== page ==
Back to ransomware: Most IT professionals are already well aware that the traditional anti-malware products don't protect at all well against targeted modern threats. As a point of market reference, because the threats are this big, this real, the 328-year-old Lloyd's insurance market has found itself moving away from more traditional threats such as fires and terror attacks to focus on underwriting cyber-risks.
Ransomware is now a major factor in insurance policies and claims, with Graeme Newman at CFC Underwriting noting that it is a major factor in 90 percent of his clients' claims. Having worked through many ‘terms-of-use' tomes used by vendors to relinquish responsibility, Newman can understand why organisations would consider paying ransom demands. And when victims do pay, often because they've no choice if they want to get their business back up and running, it only strengthens and emboldens the bad guys.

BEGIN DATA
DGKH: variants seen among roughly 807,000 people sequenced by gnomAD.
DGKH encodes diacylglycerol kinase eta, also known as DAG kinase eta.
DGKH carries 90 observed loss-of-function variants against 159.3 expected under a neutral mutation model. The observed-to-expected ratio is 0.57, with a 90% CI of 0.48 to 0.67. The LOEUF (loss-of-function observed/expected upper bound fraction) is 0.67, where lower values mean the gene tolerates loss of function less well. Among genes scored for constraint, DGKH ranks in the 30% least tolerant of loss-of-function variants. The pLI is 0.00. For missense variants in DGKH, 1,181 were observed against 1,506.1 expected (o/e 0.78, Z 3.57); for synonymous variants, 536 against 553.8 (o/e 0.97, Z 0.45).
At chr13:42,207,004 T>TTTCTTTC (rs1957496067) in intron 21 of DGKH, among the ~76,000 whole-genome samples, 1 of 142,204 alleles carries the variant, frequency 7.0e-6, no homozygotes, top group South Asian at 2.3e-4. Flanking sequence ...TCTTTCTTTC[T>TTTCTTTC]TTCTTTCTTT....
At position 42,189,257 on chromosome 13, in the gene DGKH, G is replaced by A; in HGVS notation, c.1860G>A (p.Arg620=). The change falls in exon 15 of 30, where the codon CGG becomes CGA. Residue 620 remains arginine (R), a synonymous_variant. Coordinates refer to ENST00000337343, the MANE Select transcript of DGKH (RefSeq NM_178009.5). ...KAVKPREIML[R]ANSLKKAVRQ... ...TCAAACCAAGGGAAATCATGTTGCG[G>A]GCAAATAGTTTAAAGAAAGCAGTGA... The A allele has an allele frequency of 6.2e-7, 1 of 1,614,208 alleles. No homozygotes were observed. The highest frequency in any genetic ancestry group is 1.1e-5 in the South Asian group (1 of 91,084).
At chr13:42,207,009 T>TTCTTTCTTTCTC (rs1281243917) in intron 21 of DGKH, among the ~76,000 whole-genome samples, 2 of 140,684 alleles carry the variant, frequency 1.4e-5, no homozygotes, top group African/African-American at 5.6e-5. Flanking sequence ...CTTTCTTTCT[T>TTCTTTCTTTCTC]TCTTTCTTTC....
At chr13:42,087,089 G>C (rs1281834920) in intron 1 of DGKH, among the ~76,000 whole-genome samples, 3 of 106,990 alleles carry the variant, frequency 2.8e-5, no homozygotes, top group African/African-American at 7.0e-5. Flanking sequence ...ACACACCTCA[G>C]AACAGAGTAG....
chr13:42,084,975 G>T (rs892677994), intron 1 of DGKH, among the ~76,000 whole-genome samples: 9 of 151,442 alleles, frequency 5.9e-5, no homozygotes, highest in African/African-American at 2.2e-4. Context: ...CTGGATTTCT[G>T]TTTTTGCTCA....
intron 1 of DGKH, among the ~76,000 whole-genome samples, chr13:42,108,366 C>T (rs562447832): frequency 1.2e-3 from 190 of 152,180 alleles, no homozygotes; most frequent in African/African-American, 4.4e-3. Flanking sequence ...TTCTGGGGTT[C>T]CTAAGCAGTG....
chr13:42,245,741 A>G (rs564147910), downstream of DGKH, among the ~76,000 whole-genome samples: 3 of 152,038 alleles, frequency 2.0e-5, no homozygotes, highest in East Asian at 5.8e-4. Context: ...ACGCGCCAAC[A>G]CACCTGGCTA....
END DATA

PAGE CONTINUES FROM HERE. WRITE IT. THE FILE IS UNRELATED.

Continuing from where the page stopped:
How can we be protected?
Cyber-attacks are smarter and stealthier than ever before when it comes to evading detection – one recent example found malware which knew whether it was being opened on a test or virtual machine instead of a real machine and subsequently failed to execute, making it look like the machine was clean. Put simply, this is malware that includes anti-forensics capability. We've seen this before. We'll see it again.
Today's malware strains typically target the endpoint, with evidence showing that these continue to be one of the ‘weakest links' in security. Far too many companies are relying on out-dated technology to keep them safe – and they're not.
Cyber-security requires valuable resources and capital to purchase and deploy – shouldn't they alone be enough to protect against the threat of ransomware attacks without having to spend extra on insurance? I obviously think so. There is too much at stake and security vendors have gotten a pass for too long. It's time for security vendors to put their money where their mouth is. Do yourself and the entire industry a huge favour, start asking them to do so. Get them thinking.
Contributed by Jeremiah Grossman, chief of security strategy, SentinelOne